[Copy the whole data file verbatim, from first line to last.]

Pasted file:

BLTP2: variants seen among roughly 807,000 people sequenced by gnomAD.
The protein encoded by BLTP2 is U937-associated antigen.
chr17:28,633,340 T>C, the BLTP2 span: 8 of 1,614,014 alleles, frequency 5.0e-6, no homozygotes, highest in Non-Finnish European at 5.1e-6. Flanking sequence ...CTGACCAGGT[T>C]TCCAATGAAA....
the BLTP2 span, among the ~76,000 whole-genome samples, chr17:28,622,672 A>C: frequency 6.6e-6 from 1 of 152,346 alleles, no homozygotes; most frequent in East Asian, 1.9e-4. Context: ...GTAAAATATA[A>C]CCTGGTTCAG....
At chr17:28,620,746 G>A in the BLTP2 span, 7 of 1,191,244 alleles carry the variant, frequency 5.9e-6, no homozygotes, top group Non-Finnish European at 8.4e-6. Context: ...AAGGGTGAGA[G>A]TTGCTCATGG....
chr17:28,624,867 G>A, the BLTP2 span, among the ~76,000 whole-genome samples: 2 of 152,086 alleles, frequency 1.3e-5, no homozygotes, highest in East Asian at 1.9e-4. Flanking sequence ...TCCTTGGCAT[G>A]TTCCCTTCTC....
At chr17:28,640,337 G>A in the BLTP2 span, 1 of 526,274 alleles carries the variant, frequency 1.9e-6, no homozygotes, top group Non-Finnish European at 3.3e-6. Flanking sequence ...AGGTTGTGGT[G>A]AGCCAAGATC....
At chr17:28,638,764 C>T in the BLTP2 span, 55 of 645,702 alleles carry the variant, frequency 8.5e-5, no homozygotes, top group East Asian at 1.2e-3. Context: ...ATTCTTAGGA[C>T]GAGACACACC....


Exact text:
BLTP2: variants seen among roughly 807,000 people sequenced by gnomAD.
The protein encoded by BLTP2 is U937-associated antigen.
chr17:28,633,340 T>C, the BLTP2 span: 8 of 1,614,014 alleles, frequency 5.0e-6, no homozygotes, highest in Non-Finnish European at 5.1e-6. Flanking sequence ...CTGACCAGGT[T>C]TCCAATGAAA....
the BLTP2 span, among the ~76,000 whole-genome samples, chr17:28,622,672 A>C: frequency 6.6e-6 from 1 of 152,346 alleles, no homozygotes; most frequent in East Asian, 1.9e-4. Context: ...GTAAAATATA[A>C]CCTGGTTCAG....
At chr17:28,620,746 G>A in the BLTP2 span, 7 of 1,191,244 alleles carry the variant, frequency 5.9e-6, no homozygotes, top group Non-Finnish European at 8.4e-6. Context: ...AAGGGTGAGA[G>A]TTGCTCATGG....
chr17:28,624,867 G>A, the BLTP2 span, among the ~76,000 whole-genome samples: 2 of 152,086 alleles, frequency 1.3e-5, no homozygotes, highest in East Asian at 1.9e-4. Flanking sequence ...TCCTTGGCAT[G>A]TTCCCTTCTC....
At chr17:28,640,337 G>A in the BLTP2 span, 1 of 526,274 alleles carries the variant, frequency 1.9e-6, no homozygotes, top group Non-Finnish European at 3.3e-6. Flanking sequence ...AGGTTGTGGT[G>A]AGCCAAGATC....
At chr17:28,638,764 C>T in the BLTP2 span, 55 of 645,702 alleles carry the variant, frequency 8.5e-5, no homozygotes, top group East Asian at 1.2e-3. Context: ...ATTCTTAGGA[C>T]GAGACACACC....